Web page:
The Muse of Ruin - Graig Du Theatre Players

This Three-Act play, like its One-Act predecessor “Death Dreams”, an extract was published last December,  is about the final years of Colonel Percy. H. Fawcett. I was intending to keep the original title of the previous play for the full version, but the reasons for the change will be apparent on reading the play when it is published,

Rather than being a strict chronology, the play concentrates on Fawcett’s beliefs and what compelled him to make the fatal last expedition in 1925 with his son Jack and Raleigh Rimmel.

I have used the documented sources and the ideas reflected in the text are borne out by a close reading of Fawcett’s many letters and articles he wrote for occult magazines. Fawcett was disillusioned with his life after serving on the Western Front and this, I believe, proved to be the catalyst for events that unfolded. All I can aim for is an understanding of the turmoil that compelled this enigmatic man.

Mystic, scholar, theosophist, legendary explorer of South America, Colonel Percy Fawcett never wavered in his beliefs and his reputation is assured.


I have included an extract from the play in which Fawcett is speaking with Sir Henry Rider Haggard. It was Rider Haggard who gave Fawcett the strange statuette, with undecipherable petroglyphs, that he carried with him on the last expedition.


Fawcett:   You haven’t got Cetewayo’s staff, Rider?


Haggard:    I left it in my study. I saw no need of it today. The weather at Ditchingham is most congenial. You were telling me the other day you were pondering on the object of myths and the truthfulness of their meaning. Thoughts and perceptions, I always believed they inferred. They could speak of what the fictional gods and goddesses believed to be ourselves. The origin of who we are is to be found in the old fairy tales if you understand their subtlety. Tell me your theories. Remember the myth of Oedipus?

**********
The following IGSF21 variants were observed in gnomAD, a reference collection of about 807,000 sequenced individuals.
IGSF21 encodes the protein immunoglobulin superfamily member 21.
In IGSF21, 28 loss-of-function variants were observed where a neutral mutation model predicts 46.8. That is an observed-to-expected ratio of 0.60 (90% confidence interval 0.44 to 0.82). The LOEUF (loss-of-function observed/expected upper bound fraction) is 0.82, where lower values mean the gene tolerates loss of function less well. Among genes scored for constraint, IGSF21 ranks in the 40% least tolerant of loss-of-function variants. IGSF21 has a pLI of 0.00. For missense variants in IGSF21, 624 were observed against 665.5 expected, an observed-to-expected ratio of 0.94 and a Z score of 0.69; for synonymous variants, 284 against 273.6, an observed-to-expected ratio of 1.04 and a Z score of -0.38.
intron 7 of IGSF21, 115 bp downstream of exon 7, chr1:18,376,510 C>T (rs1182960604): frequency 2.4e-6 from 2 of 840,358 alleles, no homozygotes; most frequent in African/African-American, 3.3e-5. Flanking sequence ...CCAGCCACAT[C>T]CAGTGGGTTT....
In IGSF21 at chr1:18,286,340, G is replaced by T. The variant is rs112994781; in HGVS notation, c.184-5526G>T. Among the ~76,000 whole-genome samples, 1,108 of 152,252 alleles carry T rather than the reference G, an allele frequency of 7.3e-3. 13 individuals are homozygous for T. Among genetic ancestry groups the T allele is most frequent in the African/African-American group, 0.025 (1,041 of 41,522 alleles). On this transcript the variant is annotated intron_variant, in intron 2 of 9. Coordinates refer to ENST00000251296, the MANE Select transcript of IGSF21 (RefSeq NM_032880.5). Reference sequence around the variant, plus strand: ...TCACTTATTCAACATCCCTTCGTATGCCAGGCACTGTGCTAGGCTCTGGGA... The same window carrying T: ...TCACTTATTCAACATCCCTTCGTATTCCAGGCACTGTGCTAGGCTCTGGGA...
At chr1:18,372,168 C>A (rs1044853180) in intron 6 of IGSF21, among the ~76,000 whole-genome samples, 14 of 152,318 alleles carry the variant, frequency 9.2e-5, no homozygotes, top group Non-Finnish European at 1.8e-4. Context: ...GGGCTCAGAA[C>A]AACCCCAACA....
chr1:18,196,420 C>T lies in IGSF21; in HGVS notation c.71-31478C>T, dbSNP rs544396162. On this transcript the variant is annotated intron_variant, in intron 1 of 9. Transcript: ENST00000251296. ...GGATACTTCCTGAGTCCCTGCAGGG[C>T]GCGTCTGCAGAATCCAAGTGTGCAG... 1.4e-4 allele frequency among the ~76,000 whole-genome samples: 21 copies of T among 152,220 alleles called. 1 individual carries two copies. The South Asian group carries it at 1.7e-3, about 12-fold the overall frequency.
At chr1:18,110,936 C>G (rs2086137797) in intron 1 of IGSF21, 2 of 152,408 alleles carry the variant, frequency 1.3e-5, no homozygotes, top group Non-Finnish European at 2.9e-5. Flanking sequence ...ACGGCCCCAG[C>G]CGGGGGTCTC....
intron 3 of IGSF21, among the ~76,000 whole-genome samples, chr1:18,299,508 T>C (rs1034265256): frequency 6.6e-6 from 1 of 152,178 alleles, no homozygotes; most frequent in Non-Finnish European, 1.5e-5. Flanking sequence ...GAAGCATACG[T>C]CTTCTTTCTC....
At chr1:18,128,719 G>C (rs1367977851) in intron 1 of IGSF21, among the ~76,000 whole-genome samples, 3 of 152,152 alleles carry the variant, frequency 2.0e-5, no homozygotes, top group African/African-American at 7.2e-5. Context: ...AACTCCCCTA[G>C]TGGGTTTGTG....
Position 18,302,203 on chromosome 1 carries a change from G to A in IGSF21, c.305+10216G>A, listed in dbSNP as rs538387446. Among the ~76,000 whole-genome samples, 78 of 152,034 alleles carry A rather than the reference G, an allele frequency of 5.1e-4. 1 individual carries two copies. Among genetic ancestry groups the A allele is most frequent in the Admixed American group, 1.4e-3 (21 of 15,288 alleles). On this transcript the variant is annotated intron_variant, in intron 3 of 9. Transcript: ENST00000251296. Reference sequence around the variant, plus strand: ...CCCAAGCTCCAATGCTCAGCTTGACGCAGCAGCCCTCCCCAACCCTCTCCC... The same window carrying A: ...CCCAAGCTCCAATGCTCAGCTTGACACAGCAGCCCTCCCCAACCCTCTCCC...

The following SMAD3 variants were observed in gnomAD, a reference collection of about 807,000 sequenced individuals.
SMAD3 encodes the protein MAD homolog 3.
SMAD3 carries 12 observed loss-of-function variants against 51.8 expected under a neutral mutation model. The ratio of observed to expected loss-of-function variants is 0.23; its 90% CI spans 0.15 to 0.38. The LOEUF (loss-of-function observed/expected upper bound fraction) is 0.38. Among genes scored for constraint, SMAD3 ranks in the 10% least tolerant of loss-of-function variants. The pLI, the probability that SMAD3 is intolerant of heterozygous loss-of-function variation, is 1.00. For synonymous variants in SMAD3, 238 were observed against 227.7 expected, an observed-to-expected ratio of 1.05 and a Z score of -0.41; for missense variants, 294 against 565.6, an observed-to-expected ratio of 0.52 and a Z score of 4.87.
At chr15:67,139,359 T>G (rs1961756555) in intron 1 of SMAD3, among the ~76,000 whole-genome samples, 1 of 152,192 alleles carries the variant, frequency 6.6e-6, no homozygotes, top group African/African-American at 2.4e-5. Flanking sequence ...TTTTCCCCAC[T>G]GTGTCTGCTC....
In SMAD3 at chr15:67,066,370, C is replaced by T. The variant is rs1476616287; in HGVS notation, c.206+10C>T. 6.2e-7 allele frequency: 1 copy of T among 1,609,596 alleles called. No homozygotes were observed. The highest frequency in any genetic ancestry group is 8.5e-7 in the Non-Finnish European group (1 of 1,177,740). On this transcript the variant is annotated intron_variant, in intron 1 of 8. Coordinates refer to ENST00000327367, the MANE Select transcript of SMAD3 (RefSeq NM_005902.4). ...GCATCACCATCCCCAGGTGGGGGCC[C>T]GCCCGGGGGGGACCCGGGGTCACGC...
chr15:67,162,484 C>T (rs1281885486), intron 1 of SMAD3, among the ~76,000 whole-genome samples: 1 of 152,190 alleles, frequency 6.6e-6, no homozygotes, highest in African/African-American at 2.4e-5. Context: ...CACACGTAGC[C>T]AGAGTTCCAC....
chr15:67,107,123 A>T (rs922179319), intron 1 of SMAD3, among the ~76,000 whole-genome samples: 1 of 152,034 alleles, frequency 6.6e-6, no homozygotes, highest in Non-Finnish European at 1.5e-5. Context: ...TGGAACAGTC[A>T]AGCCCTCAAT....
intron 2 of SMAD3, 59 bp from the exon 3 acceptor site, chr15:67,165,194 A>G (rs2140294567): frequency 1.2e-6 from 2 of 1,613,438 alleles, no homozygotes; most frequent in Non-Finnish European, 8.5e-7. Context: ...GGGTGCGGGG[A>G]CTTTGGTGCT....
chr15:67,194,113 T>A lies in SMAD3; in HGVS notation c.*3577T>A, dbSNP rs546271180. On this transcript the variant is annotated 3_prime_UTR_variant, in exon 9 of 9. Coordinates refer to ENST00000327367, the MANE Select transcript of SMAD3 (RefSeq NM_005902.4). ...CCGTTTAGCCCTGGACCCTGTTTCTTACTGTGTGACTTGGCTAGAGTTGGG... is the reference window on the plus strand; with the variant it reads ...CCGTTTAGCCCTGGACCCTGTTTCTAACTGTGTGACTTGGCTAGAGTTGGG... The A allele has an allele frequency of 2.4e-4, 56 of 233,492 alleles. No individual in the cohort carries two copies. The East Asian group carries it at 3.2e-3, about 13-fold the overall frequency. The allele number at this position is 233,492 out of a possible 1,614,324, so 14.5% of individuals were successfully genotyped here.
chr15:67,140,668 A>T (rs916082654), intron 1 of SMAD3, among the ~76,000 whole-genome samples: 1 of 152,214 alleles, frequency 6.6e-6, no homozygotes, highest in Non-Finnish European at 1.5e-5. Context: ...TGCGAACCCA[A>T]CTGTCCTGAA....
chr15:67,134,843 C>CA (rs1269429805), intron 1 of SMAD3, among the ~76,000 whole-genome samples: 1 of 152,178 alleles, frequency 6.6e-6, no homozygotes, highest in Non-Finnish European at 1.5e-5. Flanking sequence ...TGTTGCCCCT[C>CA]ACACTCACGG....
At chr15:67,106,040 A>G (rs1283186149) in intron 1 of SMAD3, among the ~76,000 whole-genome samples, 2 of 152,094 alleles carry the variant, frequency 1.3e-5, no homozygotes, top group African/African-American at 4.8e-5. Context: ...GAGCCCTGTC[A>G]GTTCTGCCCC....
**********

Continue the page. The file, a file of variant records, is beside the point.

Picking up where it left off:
Fawcett:   I believe there are hidden musings. Some of the more intriguing stories have been neglected. The people are not to blame for this because they left their villages and came to the towns and cities, searching for employment when there was no work in the fields. There was no need to tell the old stories again on a winter’s evening afterwards when people were so weary after working in the damned factories and foundries. (Pauses, half laugh). Nothing is ever forgotten, is it? I see London and there is a hidden city there, with its sacred geometry, that will instil itself in the memory, revealing all through confused dreams. The first people who walked these fields and meadows understood that and they left the enigma of their monuments and the myths of London’s legendary founders that are ridiculed by some. The connection, as I have long argued, rests with a cataclysm that destroyed an ancient culture thousands of years ago. It was foretold; the elders prepared for the survivors to bring their sacred knowledge to different areas of the globe. The survivors became complacent, forgetting their origins, and the stories were told in their myths. You have heard this so many times before, one way or another, and it must be tiresome, Rider.



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